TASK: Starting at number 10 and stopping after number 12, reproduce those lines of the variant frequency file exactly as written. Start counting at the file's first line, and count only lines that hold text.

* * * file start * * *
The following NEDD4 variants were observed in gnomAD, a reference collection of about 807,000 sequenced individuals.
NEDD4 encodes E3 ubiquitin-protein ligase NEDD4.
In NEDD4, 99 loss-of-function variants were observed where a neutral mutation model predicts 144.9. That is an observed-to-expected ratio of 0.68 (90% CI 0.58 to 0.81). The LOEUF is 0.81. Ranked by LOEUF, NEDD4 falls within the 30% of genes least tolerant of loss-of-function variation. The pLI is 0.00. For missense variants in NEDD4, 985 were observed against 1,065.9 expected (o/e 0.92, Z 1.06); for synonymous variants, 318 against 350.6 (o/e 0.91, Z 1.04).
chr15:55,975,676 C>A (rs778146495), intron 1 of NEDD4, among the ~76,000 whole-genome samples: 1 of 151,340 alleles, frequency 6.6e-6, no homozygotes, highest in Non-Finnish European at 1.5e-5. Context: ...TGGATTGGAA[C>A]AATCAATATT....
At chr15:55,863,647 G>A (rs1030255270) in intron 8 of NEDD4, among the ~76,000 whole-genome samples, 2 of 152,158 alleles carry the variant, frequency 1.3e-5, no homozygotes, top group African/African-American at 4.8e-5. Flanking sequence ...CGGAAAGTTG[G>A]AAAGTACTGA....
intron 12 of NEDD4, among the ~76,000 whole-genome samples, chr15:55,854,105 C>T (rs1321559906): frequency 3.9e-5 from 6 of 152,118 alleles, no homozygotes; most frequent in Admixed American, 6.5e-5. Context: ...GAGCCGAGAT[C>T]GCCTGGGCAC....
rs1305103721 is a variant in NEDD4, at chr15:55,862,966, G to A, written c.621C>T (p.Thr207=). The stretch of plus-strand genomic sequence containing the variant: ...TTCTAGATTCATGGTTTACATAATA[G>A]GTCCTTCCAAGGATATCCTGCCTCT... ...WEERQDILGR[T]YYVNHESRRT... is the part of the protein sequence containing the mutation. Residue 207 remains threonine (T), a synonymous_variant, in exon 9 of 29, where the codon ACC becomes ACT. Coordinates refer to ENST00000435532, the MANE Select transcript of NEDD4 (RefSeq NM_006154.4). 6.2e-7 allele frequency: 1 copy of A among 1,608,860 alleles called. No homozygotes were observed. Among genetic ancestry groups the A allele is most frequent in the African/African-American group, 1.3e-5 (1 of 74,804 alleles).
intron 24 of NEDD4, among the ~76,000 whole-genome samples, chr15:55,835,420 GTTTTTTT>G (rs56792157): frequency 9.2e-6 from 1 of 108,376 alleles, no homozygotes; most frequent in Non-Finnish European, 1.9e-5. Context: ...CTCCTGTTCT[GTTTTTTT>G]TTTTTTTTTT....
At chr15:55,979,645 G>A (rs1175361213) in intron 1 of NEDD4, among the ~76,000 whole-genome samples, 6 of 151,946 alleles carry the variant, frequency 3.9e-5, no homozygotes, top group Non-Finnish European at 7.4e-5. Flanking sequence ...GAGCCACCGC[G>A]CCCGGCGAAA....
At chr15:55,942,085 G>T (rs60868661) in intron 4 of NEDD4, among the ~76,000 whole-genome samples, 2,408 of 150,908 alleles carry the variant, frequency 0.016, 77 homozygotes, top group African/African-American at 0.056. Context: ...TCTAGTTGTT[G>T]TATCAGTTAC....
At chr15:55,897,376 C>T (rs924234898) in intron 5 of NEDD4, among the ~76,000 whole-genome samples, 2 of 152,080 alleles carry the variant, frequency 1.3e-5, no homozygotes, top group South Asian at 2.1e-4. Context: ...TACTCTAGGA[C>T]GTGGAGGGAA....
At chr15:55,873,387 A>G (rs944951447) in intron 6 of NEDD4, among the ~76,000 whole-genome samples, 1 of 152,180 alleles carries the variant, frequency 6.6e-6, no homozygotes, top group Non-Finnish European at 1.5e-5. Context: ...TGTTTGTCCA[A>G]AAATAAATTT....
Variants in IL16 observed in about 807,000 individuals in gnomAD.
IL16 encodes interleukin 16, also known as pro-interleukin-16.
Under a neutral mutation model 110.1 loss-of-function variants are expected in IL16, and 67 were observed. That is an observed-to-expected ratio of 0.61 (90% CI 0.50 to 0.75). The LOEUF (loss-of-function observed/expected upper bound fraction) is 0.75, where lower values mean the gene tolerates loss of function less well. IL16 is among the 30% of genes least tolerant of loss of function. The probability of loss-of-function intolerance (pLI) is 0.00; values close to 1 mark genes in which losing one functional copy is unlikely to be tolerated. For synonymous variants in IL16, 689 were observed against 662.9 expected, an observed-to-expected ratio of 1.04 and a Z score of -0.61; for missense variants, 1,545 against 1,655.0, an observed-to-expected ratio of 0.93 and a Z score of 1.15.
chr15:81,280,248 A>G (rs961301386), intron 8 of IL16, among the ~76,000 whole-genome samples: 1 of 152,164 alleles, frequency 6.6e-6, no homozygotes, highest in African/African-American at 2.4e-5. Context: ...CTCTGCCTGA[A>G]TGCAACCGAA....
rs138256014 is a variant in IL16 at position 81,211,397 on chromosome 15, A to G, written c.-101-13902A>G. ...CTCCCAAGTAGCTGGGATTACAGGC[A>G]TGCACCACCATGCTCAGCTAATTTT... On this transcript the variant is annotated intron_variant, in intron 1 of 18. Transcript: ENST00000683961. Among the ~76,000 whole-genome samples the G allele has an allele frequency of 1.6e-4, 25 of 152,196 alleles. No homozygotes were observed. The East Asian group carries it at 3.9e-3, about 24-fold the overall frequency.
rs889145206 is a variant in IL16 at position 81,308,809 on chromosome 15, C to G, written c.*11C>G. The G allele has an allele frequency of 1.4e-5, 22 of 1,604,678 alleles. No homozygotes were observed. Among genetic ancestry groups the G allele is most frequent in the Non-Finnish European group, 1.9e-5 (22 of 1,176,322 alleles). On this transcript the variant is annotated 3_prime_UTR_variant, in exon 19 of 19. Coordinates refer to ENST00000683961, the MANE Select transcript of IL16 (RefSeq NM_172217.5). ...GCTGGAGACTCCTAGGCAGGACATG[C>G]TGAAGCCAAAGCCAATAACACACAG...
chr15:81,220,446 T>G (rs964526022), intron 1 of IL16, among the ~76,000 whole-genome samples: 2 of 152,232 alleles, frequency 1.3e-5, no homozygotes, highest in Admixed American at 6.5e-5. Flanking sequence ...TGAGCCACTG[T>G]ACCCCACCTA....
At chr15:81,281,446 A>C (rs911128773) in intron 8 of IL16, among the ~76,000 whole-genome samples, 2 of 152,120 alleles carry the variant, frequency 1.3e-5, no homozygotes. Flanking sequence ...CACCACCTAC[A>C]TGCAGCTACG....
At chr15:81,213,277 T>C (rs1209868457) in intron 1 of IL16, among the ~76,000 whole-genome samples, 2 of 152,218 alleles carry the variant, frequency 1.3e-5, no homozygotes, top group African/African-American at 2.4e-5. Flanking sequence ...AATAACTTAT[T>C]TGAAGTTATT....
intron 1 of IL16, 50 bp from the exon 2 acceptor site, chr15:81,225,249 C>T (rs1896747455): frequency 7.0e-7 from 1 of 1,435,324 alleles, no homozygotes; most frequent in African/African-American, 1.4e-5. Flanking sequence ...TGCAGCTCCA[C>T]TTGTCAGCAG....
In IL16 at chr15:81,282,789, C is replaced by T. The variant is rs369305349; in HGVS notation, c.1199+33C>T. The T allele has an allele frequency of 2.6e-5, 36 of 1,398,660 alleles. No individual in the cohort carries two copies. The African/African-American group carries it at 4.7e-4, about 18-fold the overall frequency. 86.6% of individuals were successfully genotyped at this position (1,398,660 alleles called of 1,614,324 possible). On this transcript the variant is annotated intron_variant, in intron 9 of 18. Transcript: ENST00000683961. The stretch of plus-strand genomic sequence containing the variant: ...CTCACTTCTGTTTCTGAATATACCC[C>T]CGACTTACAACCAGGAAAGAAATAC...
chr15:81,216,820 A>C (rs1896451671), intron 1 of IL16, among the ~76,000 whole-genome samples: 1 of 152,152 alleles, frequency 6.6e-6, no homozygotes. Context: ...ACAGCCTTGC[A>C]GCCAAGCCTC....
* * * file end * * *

At chr15:55,942,085 G>T (rs60868661) in intron 4 of NEDD4, among the ~76,000 whole-genome samples, 2,408 of 150,908 alleles carry the variant, frequency 0.016, 77 homozygotes, top group African/African-American at 0.056. Context: ...TCTAGTTGTT[G>T]TATCAGTTAC....
At chr15:55,897,376 C>T (rs924234898) in intron 5 of NEDD4, among the ~76,000 whole-genome samples, 2 of 152,080 alleles carry the variant, frequency 1.3e-5, no homozygotes, top group South Asian at 2.1e-4. Context: ...TACTCTAGGA[C>T]GTGGAGGGAA....
At chr15:55,873,387 A>G (rs944951447) in intron 6 of NEDD4, among the ~76,000 whole-genome samples, 1 of 152,180 alleles carries the variant, frequency 6.6e-6, no homozygotes, top group Non-Finnish European at 1.5e-5. Context: ...TGTTTGTCCA[A>G]AAATAAATTT....